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While most strings are incompressible, they represent data where there is no meaningful law or regularity to learn; it is precisely the compressible strings that represent data where we can learn meaningful laws from. As perhaps the last mathematical innovation of an extraordinary scientific career, Kolmogorov in proposed to found statistical theory on finite combinatorial principles independent of probabilistic assumptions. Technically, the new statistics is expressed in terms of Kolmogorov complexity. The relation between the individual data and its explanation model is expressed by Kolmogorov's Structure function.
This entails a non-probabilistic approach to statistics and model selection. Let data be finite binary strings and models be finite sets of binary strings. Consider model classes consisting of models of given maximal Kolmogorov complexity. The Structure function of the given data expresses the relation between the complexity level constraint on a model class and the least log-cardinality of a model in the class containing the data. Essentially, for given data, one analysis by Vitanyi and Li tells which models obtained by the MDL principle are the right ones, the best fitting ones, while the analysis using the structure function tells how to obtain them.
In this setting, this happens with certainty, rather than with high probability as is in the classical case. Related ideas have been applied, by Vereshchagin and Vitanyi to rate-distortion theory and lossy compression of individual data.
Combinatorial Geometry with Algorithmic Applications
Cognitive psychology has a long tradition of applying formal models of simplicity and complexity. The work by E. Leeuwenberg even predates the advent of Kolmogorov complexity. Not surprisingly, this field has a large and significant literature on applications of Kolmogorov complexity, for example the circles around N. Chater and P. Some strings can be compressed but take a great amount of effort, in time or space, to do so. Applications of compressibility requiring a great effort are covered in Li and Vitanyi , Chapter 7.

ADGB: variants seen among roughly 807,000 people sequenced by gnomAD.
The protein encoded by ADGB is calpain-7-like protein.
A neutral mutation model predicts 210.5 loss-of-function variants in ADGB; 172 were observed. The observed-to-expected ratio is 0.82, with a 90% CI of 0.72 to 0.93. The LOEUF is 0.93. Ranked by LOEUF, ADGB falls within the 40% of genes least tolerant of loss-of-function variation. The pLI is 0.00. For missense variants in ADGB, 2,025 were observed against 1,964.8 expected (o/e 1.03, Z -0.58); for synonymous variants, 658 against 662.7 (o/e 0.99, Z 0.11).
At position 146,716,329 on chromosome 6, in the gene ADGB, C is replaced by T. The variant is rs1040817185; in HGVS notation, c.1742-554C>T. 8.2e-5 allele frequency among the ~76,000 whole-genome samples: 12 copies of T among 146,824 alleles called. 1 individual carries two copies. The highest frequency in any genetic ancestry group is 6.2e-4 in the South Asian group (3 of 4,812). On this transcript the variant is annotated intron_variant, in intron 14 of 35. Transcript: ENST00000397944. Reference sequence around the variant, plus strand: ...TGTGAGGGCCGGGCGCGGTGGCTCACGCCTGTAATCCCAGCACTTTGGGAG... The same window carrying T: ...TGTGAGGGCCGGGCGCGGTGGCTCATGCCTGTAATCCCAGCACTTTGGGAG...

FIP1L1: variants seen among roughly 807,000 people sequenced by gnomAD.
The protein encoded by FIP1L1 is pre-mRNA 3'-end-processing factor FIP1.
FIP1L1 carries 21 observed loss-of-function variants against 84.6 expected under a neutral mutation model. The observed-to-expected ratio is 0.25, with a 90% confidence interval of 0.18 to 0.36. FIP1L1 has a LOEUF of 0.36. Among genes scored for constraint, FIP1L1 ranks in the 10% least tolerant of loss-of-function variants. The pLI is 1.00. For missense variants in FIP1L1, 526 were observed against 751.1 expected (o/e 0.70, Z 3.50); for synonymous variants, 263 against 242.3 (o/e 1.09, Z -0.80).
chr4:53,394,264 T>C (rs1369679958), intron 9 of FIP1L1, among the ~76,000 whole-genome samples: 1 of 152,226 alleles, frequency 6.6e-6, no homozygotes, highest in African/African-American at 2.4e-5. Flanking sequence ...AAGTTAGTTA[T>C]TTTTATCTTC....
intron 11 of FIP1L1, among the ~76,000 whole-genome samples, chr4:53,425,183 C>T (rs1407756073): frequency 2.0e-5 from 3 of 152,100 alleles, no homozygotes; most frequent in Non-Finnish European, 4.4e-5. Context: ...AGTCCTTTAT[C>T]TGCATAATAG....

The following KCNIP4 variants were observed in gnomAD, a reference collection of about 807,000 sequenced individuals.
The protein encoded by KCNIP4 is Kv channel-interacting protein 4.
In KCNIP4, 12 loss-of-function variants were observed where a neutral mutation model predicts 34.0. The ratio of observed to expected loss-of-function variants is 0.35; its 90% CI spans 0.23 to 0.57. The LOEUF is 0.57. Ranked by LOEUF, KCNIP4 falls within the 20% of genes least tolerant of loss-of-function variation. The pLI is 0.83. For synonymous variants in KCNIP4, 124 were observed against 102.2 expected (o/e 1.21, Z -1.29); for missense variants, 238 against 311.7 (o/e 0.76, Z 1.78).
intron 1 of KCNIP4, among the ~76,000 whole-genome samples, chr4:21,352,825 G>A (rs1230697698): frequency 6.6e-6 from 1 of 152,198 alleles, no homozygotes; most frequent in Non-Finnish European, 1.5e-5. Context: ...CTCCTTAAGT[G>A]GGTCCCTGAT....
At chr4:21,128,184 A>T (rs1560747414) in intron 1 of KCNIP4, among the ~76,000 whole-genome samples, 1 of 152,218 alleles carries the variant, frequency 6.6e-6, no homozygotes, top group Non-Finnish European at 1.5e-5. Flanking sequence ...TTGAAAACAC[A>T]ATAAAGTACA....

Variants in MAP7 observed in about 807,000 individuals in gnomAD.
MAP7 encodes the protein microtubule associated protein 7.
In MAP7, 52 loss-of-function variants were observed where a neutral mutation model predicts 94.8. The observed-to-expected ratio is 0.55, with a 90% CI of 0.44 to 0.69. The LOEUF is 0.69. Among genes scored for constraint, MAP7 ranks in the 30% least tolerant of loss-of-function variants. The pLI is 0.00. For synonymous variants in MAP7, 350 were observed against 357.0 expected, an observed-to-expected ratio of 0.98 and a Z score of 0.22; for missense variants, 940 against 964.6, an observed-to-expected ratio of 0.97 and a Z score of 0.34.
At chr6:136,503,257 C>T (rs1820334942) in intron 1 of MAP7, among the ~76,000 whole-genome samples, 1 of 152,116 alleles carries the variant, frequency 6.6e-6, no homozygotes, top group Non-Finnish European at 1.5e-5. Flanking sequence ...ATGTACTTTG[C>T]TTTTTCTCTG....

In particular, she used probabilistic methods to solve several problems on Hamilton cycles in graphs and digraphs, graph decompositions and hypergraph matchings. Deryk's research interests are in extremal graph theory, random graphs, randomized algorithms, structural graph theory as well as Ramsey theory.
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His recent research has included results on Hamilton cycles and more general spanning substructures, as well as decompositions of graphs and hypergraphs. Nikolaos' research interests are mainly related to the area of random discrete structures and the analysis of random processes on graphs and their connections with theoretical computer science and average-case analysis. His most recent work has focused on the development of the theory of random graphs on the hyperbolic plane and its applications to the theory of complex networks.
He is also interested in percolation phenomena in large finite structures. Richard's research is primarily in the field of extremal graph theory. Recent results include general sufficient conditions which ensure the existence of perfect matchings and Hamilton cycles in hypergraphs, or which permit the construction of efficient algorithms to find such structures should they exist. He is also interested in graph decompositions and on a number of embedding problems in the directed graph and hypergraph setting. Allan's research interests lie in Extremal and Probabilistic Graph Theory. A typical problem in this field is to determine the necessary conditions for the existence of a fixed spanning subgraph in a graph, edge-coloured graph, orientated graph or hypergraph.
Johannes is particularly interested in Graph Minors, Connectivity and Matroids. Recently he characterised the simply connected 2-complexes embeddable in 3-space -- in a way similar to Kuratowski's characterisation of graph planarity. Richard's research interests lie mainly in Extremal and Probabilistic Graph Theory.